Taipei Mayor Ko Wen-je (柯文哲) yesterday said he does not know who China Unification Promotion Party (CUPP) founder Chang An-le (張安樂) referred to when Chang said the party held an illegal rally in Taipei to celebrate the People’s Republic of China’s (PRC) national day on Oct. 1 after negotiating with the city’s police department.
Chang, a former Bamboo Union leader, aslo known by his triad nickname of “White Wolf,” in a live broadcast on Facebook last week said that “the police department negotiated with us, allowing it [the rally] to be like previous ones — lasting for two hours, and we dismissed after they held a sign up three times.”
A temporary stage decorated with the PRC flag and a banner that read “celebrating the PRC’s 70th anniversary” was set up on the plaza outside Taipei Main Station about noon.
Photo: George Tsorng, Taipei Times
About 500 members of the party gathered at about 2pm, sang March of the Volunteers, China’s national anthem, waved the PRC flag, and chanted “one country, two systems” and “unify China.”
Hundreds of police officers surrounded the rally.
Chang took the stage at 3:28pm to give a speech, when police held up a warning sign instructing participants to end the illegal rally.
The rally ended at about 3:50pm after the sign was held up four times and police began dispersing the crowd.
Several Taipei City councilors at a council meeting asked why police were apparently slow to act, allowing the event to be concluded before the participants were dispersed.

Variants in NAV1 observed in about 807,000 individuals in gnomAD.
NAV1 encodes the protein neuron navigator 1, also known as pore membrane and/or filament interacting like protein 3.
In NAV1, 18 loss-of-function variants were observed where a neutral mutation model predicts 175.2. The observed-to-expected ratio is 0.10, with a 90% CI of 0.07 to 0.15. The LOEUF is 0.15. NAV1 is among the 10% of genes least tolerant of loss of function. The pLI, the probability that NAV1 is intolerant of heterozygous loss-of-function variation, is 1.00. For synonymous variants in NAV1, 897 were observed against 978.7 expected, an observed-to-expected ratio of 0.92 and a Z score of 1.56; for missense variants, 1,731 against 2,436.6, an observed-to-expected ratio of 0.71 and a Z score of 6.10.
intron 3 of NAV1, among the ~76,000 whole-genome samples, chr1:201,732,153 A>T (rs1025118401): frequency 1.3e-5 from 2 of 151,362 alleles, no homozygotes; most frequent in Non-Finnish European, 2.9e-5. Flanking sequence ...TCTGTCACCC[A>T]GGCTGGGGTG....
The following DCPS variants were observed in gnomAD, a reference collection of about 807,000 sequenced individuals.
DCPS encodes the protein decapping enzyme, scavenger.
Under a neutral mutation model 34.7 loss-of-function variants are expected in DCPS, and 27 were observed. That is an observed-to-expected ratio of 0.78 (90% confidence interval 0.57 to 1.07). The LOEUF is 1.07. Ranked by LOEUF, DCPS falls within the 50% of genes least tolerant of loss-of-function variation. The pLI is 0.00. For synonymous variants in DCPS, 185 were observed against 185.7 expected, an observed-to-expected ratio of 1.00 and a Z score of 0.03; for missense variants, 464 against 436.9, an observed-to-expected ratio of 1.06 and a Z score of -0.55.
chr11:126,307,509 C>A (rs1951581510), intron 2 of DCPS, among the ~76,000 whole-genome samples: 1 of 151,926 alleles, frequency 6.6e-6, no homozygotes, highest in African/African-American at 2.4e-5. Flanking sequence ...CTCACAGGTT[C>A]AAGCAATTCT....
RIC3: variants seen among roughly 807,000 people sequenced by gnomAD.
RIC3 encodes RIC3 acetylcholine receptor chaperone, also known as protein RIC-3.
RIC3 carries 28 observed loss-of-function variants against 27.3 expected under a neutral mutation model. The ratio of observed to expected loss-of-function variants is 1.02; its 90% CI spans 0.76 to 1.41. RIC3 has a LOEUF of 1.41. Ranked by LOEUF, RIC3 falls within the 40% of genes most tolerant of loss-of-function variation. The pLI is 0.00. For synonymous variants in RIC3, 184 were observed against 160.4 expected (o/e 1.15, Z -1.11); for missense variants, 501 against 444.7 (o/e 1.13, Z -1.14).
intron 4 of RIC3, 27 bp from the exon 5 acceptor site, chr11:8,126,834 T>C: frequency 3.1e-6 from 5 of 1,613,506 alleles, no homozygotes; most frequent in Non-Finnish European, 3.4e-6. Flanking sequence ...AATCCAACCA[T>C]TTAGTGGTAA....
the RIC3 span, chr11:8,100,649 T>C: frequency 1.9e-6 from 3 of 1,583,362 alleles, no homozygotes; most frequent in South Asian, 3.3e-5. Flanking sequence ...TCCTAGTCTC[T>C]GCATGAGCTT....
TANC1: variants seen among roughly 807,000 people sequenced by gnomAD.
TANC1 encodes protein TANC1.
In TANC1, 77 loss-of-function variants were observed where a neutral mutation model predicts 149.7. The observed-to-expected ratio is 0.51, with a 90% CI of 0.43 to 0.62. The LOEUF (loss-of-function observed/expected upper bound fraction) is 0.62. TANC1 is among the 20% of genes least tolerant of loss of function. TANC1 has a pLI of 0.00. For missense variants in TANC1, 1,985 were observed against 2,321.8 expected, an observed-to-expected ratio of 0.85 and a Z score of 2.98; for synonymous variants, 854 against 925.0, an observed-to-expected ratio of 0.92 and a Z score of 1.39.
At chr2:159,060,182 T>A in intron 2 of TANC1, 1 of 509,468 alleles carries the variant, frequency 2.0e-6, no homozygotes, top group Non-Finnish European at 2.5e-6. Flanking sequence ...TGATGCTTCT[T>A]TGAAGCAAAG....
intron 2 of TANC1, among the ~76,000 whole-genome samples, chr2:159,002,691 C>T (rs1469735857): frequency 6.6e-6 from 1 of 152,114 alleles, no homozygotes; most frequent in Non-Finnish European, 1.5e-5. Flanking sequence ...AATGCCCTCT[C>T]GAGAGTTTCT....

They also asked why the party was only fined NT$2,400 by the Taipei Public Works Department’s Parks and Street Lights Office for setting up a stage without approval.
An approved event held at the same location would need to pay a rent of NT$10,000 for four hours with an additional NT$30,000 security deposit.
Ko said he had no idea who in the police department Chang negotiated with, but he has always told the department that it should “carry out its duties according to the law.”
He said he can understand the difficulty the police department might have faced, because although he tells it to follow the regulations, “oftentimes, the National Police Agency would give it instructions, so it has to think about it and negotiate.”
Ko was also questioned about issues related to next year’s presidential and legislative elections, including a remark he made during an interview on Tuesday that the Taiwan People’s Party, of which he is the chairman, would nominate seven female and seven male candidates for legislator-at-large seats.
He said the party would also hold an open audition to find more legislator-at-large nominees, adding that if suitable people are found in the audition, they can be moved to a top position on the list.
He confirmed during the interview that his aide and Taipei City Government adviser Tsai Pi-ju (蔡壁如) is on the list, because he hopes to see Tsai, who is a “blabbermouth,” tell the public about what Democratic Progressive Party (DPP) caucus whip Ker Chien-ming (柯建銘) has said during closed-door caucus negotiations.
Ko said Hon Hai Precision Industry Co founder Terry Gou (郭台銘) would also suggest some candidates for legislative-at-large seats, but his and Gou’s teams are still in an “adjustment period” and there is still time for negotiations.
He said in the interview that even after he has decided not to run for president, he expects the DPP to still view him as an enemy, as he believes the DPP “suffers from paranoia.”
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